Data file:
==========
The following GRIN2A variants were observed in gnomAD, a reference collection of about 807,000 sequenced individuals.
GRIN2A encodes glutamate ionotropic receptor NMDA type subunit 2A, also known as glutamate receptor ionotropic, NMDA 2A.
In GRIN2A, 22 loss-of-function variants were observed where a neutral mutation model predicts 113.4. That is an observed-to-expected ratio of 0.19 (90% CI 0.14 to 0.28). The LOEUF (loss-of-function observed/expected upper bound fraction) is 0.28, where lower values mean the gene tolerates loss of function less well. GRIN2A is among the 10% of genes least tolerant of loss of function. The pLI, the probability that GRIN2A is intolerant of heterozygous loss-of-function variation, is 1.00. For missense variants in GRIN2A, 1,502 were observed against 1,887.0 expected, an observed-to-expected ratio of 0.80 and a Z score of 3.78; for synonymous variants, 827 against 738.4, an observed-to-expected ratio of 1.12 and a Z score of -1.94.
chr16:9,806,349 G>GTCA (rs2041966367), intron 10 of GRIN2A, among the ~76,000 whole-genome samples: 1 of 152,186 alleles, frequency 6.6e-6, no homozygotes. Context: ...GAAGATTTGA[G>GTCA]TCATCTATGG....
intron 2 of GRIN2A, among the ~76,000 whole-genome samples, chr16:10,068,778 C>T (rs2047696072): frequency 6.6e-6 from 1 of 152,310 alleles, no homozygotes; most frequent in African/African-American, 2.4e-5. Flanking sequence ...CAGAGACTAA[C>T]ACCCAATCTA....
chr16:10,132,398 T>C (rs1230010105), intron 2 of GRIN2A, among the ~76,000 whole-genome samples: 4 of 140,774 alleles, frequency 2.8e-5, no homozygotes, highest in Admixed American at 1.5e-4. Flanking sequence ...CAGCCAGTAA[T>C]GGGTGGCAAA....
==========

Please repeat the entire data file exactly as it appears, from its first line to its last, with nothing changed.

The following GRIN2A variants were observed in gnomAD, a reference collection of about 807,000 sequenced individuals.
GRIN2A encodes glutamate ionotropic receptor NMDA type subunit 2A, also known as glutamate receptor ionotropic, NMDA 2A.
In GRIN2A, 22 loss-of-function variants were observed where a neutral mutation model predicts 113.4. That is an observed-to-expected ratio of 0.19 (90% CI 0.14 to 0.28). The LOEUF (loss-of-function observed/expected upper bound fraction) is 0.28, where lower values mean the gene tolerates loss of function less well. GRIN2A is among the 10% of genes least tolerant of loss of function. The pLI, the probability that GRIN2A is intolerant of heterozygous loss-of-function variation, is 1.00. For missense variants in GRIN2A, 1,502 were observed against 1,887.0 expected, an observed-to-expected ratio of 0.80 and a Z score of 3.78; for synonymous variants, 827 against 738.4, an observed-to-expected ratio of 1.12 and a Z score of -1.94.
chr16:9,806,349 G>GTCA (rs2041966367), intron 10 of GRIN2A, among the ~76,000 whole-genome samples: 1 of 152,186 alleles, frequency 6.6e-6, no homozygotes. Context: ...GAAGATTTGA[G>GTCA]TCATCTATGG....
intron 2 of GRIN2A, among the ~76,000 whole-genome samples, chr16:10,068,778 C>T (rs2047696072): frequency 6.6e-6 from 1 of 152,310 alleles, no homozygotes; most frequent in African/African-American, 2.4e-5. Flanking sequence ...CAGAGACTAA[C>T]ACCCAATCTA....
chr16:10,132,398 T>C (rs1230010105), intron 2 of GRIN2A, among the ~76,000 whole-genome samples: 4 of 140,774 alleles, frequency 2.8e-5, no homozygotes, highest in Admixed American at 1.5e-4. Flanking sequence ...CAGCCAGTAA[T>C]GGGTGGCAAA....